Tuesday, April 26, 2016

I'm Still Fucking Here; TMP Reviews Charlotte's LGBT Film Festival 2016






By
Sabrina Samone



Maybe it was the tension that needed to be released from the recent North Carolina laws passed against our community, or hopefully, it was a realization that we must come together to support each other. Either way, this past weekend's Charlotte LGBT Film Festival was a huge success, with an obvious increase in attendance from previous years. I'd like to thank my new found sis, Isley Whitfield and the rest of the team behind Charlotte's LGBT Film Festival, and Charlotte Pride, for their warm invite, reception, and the fabulous experience.

The atmosphere, obviously due to the bigoted law of HB2, was full of discussions, the talk of several protest planned, and the work yet to be done. One topic that was special to me; was the talk of building unity within Charlotte's LGBT community, especially within the fragmented trans community. Words of more structured organization, comradeship, and building an actual hands on support system among and for all our brothers and sisters was refreshing to hear, in local trans culture.

Those sentiments were heightened and represented in the films shown. Due in part, I'm sure, to the  transgender bathroom law;  this year was the most diverse movie selection yet.  Films like 'No Difference',  which focused on the masculine/feminine labeling of African American Lesbians, 'Major', the highly anticipated documentary about the life and times of Stonewall veteran and trans heroic,  advocate, Miss  Major Griffin-Gracy, and 'Those People', a film that began as a typical Gay male film, but went further with a focus on mental issues, and a interracial relationship.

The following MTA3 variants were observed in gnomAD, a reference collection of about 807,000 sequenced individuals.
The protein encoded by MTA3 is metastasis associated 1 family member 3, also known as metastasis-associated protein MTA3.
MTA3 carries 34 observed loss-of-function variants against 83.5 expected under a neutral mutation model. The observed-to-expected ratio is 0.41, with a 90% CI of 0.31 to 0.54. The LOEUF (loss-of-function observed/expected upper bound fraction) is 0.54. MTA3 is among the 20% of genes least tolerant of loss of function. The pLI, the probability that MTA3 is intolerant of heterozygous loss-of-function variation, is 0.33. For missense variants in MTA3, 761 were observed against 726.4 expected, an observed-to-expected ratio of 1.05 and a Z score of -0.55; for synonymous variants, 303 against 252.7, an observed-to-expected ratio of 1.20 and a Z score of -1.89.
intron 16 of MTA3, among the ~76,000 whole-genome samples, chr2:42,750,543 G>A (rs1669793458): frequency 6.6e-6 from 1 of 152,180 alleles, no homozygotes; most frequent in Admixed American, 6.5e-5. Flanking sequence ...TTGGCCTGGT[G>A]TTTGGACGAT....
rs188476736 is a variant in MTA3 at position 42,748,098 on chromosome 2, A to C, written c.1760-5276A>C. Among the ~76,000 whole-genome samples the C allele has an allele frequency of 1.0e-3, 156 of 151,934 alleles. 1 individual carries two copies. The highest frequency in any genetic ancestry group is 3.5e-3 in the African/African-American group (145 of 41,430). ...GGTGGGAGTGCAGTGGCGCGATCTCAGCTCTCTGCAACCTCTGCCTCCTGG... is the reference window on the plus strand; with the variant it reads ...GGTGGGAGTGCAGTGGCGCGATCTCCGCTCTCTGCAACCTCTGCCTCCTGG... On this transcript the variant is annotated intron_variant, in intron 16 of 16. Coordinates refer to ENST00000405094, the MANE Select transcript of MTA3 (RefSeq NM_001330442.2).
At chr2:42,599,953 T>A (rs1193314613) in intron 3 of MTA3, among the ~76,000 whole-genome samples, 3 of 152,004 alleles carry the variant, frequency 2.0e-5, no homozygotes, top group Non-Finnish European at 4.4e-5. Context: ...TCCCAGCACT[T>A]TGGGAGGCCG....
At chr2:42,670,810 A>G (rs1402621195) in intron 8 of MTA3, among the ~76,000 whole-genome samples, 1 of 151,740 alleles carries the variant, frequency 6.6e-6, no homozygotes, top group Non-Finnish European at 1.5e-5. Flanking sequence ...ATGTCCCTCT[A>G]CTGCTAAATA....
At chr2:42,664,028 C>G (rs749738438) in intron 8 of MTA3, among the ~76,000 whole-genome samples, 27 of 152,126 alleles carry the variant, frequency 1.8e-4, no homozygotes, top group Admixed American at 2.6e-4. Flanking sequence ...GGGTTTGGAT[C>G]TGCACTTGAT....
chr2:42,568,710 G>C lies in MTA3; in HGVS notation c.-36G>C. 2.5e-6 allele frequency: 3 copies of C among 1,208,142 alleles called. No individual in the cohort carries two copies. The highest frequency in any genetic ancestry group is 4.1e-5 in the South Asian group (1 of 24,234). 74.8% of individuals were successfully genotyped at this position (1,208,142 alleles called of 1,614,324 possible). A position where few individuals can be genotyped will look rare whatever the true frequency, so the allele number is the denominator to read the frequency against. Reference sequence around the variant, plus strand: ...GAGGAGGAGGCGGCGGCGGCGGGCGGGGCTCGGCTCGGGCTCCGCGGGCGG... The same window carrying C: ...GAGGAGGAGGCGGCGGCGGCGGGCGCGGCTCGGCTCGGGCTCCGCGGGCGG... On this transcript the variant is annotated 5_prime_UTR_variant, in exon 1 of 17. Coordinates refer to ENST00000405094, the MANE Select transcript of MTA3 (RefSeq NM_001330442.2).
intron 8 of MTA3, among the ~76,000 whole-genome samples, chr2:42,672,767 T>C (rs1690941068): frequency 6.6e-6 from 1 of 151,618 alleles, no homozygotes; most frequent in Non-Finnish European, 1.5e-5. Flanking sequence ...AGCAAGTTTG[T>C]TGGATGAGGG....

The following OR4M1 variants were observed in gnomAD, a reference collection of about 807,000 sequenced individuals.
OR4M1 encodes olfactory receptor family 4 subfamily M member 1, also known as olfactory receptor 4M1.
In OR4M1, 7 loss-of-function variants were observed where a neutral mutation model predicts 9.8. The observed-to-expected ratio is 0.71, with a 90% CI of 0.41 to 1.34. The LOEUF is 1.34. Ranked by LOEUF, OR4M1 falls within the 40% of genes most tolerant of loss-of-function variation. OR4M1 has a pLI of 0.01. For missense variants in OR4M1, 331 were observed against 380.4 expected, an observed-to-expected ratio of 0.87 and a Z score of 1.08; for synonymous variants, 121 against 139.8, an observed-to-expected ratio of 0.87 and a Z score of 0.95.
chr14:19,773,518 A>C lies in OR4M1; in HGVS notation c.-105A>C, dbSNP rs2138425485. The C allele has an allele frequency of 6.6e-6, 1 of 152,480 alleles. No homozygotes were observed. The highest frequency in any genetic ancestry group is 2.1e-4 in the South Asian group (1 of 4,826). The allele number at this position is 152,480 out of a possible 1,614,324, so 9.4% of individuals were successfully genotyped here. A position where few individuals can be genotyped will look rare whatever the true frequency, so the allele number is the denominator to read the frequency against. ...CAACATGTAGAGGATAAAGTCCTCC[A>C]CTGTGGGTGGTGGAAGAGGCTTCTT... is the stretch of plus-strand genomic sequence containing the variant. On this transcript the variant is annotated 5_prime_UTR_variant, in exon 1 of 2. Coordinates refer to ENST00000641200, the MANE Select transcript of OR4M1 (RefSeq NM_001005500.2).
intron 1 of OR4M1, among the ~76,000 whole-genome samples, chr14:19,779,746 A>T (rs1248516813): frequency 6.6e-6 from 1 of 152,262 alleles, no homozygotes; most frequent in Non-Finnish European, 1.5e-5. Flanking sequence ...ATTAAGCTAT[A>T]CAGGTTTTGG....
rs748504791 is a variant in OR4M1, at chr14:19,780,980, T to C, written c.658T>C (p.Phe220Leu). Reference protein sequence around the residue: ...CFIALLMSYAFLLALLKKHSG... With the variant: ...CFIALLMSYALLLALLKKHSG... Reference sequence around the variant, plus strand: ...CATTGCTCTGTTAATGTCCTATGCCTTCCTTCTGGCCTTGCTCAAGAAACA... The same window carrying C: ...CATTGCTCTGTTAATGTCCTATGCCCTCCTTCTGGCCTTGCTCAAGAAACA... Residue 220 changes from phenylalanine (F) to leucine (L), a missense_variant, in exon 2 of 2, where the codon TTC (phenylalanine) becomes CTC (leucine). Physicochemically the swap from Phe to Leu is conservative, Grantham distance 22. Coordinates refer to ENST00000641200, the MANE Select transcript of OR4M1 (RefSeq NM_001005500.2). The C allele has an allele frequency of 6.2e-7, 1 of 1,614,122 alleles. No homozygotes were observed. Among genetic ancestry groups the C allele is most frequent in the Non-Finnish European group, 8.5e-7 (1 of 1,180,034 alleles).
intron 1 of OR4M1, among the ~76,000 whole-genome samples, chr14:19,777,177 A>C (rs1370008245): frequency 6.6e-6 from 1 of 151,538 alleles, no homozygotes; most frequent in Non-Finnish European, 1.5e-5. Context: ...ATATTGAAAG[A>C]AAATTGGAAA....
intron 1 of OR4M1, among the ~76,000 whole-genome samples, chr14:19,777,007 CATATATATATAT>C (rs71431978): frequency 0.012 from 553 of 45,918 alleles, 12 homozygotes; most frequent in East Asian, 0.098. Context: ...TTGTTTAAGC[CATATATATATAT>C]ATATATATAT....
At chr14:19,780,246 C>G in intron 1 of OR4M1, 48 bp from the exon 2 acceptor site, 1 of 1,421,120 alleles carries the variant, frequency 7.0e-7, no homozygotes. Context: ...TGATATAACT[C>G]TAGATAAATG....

The final night ended with a table discussion on the HB2 law, and everyone was welcome to voice their opinion, and talk about plans of action. The entire weekend event was  planned and orchestrated well, and the atmosphere was very welcoming to all of the Rainbow tribe. All the films were worth seeing but here is just those that stood out to me as exceptional, not only for their content, direction, acting, and cinematography, but also for those within the LGBT community rarely represented.


THE SAME DIFFERENCE
Without a doubt, for me, the most educational film was 'No Difference'. Director Nneka Onuorah, highlighted the often unheard voices of queer and lesbian women of color, and the stigma that has been imposed upon them by the years of oppression inflicted upon African American culture. It portrays the strict masculine, and homophobic ideas that drive African American lesbian culture to differentiate women as either masculine (a stud), or feminine (femmes), along with other labels that even the community itself forces all to adhere too.
One of the most moving moments, is of a stud that decides  to carry a child for her partner that is unable to carry herself. A woman, who identifies as such, but yet must explain her choices for having a child within the lesbian community.

This film, and it's subject matter is a topic that is long overdo.


THOSE PEOPLE